One of the biggest backers of the effort last November to raise the cap on the number of charter schools allowed in Massachusetts has paid more than $425,000 to settle a campaign finance complaint.
It’s the largest such fine ever collected by the state.
Families for Excellent Schools is a pro-charter advocacy group based in New York City that is known for organizing high-profile rallies with Success Academy, the city’s largest charter school network.
The group was accused by the Massachusetts Office of Campaign and Political Finance of trying to obscure where the money it donated to the campaign to raise the cap had come from.
The ballot question to raise Massachusetts’ relatively restrictive charter cap—compared to other states—was the source of a loud and expensive political battle between teachers’ unions and pro-charter advocates both locally and nationally.
Campaigns for and against the ballot initiative together raised nearly $42 million.
The initiative was defeated and the cap remains. Although Massachusetts hasn’t hit its statewide ceiling of 120 schools yet, some areas—such as Boston—have reached separate, regional limits.
According to the Office of Campaign and Political Finance, Families for Excellent Schools solicited and received donations. The group then turned around and contributed the exact same amount to Great Schools Massachusetts, the official ballot campaign committee for lifting the cap, “in a manner intended to disguise the true source of the money.”
The OCPF says Families for Excellent Schools was essentially acting like a ballot question committee and should have organized as such, which would have required it to disclose its donors.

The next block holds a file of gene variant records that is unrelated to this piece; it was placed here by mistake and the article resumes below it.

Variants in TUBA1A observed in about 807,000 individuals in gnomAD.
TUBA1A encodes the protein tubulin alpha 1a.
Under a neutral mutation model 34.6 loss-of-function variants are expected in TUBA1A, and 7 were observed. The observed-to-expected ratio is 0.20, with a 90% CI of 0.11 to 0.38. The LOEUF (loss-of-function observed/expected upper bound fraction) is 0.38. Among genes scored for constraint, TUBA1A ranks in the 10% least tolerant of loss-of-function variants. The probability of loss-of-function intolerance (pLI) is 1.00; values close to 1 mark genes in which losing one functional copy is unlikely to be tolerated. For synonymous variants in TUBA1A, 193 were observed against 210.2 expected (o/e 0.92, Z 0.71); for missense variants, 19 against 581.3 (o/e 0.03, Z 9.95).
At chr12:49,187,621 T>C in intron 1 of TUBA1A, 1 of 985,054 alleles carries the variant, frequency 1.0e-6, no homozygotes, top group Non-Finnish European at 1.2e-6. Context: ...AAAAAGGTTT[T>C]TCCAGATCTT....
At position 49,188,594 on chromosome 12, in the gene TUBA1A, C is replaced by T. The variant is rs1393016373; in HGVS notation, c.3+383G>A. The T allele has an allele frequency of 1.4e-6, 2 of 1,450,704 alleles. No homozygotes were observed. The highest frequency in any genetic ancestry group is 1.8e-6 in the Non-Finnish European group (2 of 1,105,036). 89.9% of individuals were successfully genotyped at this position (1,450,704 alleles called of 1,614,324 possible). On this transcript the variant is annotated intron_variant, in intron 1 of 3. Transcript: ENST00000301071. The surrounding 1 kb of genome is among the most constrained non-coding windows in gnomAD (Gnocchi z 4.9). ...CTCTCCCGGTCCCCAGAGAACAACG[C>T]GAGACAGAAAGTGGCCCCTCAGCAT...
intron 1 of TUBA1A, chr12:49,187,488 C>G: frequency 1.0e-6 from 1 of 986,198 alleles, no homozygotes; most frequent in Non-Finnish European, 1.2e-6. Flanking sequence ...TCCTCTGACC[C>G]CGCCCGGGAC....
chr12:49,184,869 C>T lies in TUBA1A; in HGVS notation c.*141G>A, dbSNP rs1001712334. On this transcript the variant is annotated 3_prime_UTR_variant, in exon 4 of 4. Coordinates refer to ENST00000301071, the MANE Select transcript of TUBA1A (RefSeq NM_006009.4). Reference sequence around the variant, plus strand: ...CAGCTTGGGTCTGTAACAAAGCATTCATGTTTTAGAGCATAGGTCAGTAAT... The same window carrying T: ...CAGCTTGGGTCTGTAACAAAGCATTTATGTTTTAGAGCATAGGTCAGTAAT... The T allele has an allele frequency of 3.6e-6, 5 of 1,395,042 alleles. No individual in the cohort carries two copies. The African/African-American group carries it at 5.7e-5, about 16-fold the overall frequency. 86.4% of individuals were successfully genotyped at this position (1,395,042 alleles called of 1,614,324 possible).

You can read the OCPF’s full statement here.
“Though we believe we complied with all laws and regulations during the campaign, we worked closely with OCPF to resolve this matter so we could move forward with our mission of working alongside families desperate for better schools,” Families for Excellent Schools CEO Jeremiah Kittredge said in a statement that was reported by the Associated Press.
The aftershocks of the political battle to raise the cap continue to reverberate. A recent public opinion poll conducted by researchers at Stanford University found that support for charter schools dropped 12 percent since last year. The researchers hypothesize that high-profile debates over charter expansion such as in Massachusetts could have played a role in eroding public support for the schools.
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Photo: A Massachusetts ballot measure that would have allowed more charter schools to open was defeated, despite an expensive campaign to win voter approval. —Michael Dwyer/AP
A version of this news article first appeared in the Charters & Choice blog.